Adam Shaw meets the Mayor of Enfield, one of many UK Irish to hold civic office
She was born in Enfield, grew up in Enfield, went to school in Enfield and now holds the title of the Mayor of Enfield. As she herself confessed, she is “a Forty Hill girl through and through”.
But Bernadette Lappage is in no doubt about her heritage and, if she was forced to nail her colours to the mast, those colours would be green, white and orange.
“If someone asked me where I’m from, I’d say I’m Irish, classic second-generation Irish,” she said.
Bernadette’s mother, Pauline, hailed from Limerick, while her father, Liam, was a Wexford man. Her sister, Mary, was also born in Ireland and it was a country her family would often return to. Like so many others at the time, the Lappages crossed the Irish Sea out of necessity, with the UK promising greater economic prosperity and, in their case, easier access to medication. With Mary suffering from illness, her parents sought treatment at London’s Great Ormond Street Hospital.
“no blacks, no dogs, no Irish”
And although they would eventually settle down and raise their family in the city, they also experienced some of the less appealing aspects of 1940s Britain.
“They came over and saw all those horrible signs – no blacks, no dogs, no Irish and so on – and they were forced to spend the first two nights, with a sick child, on a park bench,”
Bernadette explained. These knock-backs didn’t get her parents down, however, and they spent many happy years in Enfield, just as their daughter has.
“My brother, my four sisters and I were all, from an early age, engaged with the social community; something that I think is a very Irish characteristic,” the Mayor said. “My parents would always put others before themselves – they ran a shop and were always looking for ways to help the wider community.
“We didn’t really appreciate it or understand it until we got a bit older. Being part of a big Irish family we have, sadly, had to attend a lot of funerals. And people would tell us of all these things our dad had done for others.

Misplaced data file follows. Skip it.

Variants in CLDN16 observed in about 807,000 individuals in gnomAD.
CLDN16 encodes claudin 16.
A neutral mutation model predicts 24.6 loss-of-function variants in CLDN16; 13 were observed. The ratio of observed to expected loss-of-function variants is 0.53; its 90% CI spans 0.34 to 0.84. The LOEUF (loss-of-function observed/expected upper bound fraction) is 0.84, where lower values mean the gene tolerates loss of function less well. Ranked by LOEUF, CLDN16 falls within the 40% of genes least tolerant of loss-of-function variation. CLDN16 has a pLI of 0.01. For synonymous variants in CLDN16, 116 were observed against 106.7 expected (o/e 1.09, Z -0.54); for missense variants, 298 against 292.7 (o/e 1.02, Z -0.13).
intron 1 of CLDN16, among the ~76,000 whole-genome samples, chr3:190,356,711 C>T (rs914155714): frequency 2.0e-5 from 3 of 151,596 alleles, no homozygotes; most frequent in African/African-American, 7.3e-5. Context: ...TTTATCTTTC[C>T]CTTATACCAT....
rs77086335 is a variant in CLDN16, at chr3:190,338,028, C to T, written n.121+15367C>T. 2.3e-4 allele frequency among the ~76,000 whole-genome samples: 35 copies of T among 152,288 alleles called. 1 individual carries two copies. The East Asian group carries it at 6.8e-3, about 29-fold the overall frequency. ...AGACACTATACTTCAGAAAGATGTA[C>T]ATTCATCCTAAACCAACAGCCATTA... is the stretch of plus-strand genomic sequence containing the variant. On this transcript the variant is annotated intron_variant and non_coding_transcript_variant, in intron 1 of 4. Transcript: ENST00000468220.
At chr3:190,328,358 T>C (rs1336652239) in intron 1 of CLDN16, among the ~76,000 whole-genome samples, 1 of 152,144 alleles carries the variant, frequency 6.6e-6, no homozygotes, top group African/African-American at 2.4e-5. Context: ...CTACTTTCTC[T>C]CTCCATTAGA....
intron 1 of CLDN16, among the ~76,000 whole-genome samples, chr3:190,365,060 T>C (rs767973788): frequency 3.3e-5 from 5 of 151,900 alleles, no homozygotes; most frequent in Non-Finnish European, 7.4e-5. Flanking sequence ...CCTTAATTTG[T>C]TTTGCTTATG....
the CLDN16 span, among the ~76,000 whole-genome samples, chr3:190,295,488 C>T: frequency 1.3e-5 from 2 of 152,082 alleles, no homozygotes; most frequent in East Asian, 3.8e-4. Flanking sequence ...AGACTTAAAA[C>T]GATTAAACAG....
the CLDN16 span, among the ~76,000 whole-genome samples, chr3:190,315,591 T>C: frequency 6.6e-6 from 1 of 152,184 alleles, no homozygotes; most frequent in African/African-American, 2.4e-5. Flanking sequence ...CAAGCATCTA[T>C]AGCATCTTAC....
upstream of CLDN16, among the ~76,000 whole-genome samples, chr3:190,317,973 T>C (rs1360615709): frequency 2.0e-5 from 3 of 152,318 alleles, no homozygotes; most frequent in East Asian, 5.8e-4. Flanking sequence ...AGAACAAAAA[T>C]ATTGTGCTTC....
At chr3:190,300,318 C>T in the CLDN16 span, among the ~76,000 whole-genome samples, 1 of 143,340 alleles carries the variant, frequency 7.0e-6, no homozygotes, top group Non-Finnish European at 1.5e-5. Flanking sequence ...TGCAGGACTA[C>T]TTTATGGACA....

“It got to a stage where we were like ‘surely they don’t mean dad again?’ But they always did.”
Bernadette explained how the concept of looking out for others was passed down to her almost from birth, and she hopes she has continued to uphold it. Her involvement in Enfield politics, culminating in her Mayorship, would suggest that she has.
Her previous roles as chair of social services in Enfield and then chair of social services and health across the whole of London gave her the opportunity to help those who needed it most.
Face of Enfield
In her latest post, Bernadette has been able to utilise her position as the “face” of Enfield to better the lives of its residents.
“We focus on all areas in Enfield and members from all communities, especially those who have a lack of access to services and those who are particularly vulnerable,” she said. “If I’m out and about and people come to me with a problem, I always take these concerns back with me and do my best to sort them out.
“And there are so many good things going on in Enfield, we have an outstanding community and everyone is willing to get involved and work together to constantly improve things.”
The Mayor’s pride and joy is her latest musical charity project, ‘Enfield Sounds Great’. The campaign intends to engage people with musical offerings in the area, while raising money to create opportunities for young musicians.
“Growing up in an Irish household, there was always music around, so it’s something that’s close to my heart,” Bernadette said. “People have really taken an interest and they’ve expressed a real pride in their borough – it’s been a bit of a Cultural Revolution in Enfield.
“And they’re appreciating the amazing venues we have; gorgeous places like Forty Hall and the Dugdale Centre.”
Bernadette gives hope to such a diverse community – as a local girl raised by kind, principled parents who went on to become the Mayor of London’s third-largest borough. She appreciates that tensions and inequalities still exist, and explained how she wanted to play a part in the Enfield Racial Equality Council, given the hate crimes suffered by her parents’ generation. But she also knows that things have come a long way since then and this is typified by her attitude towards the community activities in Enfield.
“A great example of our multiculturalism was on St Patrick’s Day,” she said. “We held a celebration in the parlour and we crammed 90 people from different backgrounds in.
“There were priests and musicians and it was a huge Irish-Nigerian party, because the previous Mayor was Nigerian and St Patrick is their patron saint as well.”
Plans are in place for a St Patrick’s Day parade through the borough next year and, if Bernie has her way, there will be representatives and instruments from all over the world. Like herself, however, it will all be done with an Irish twist.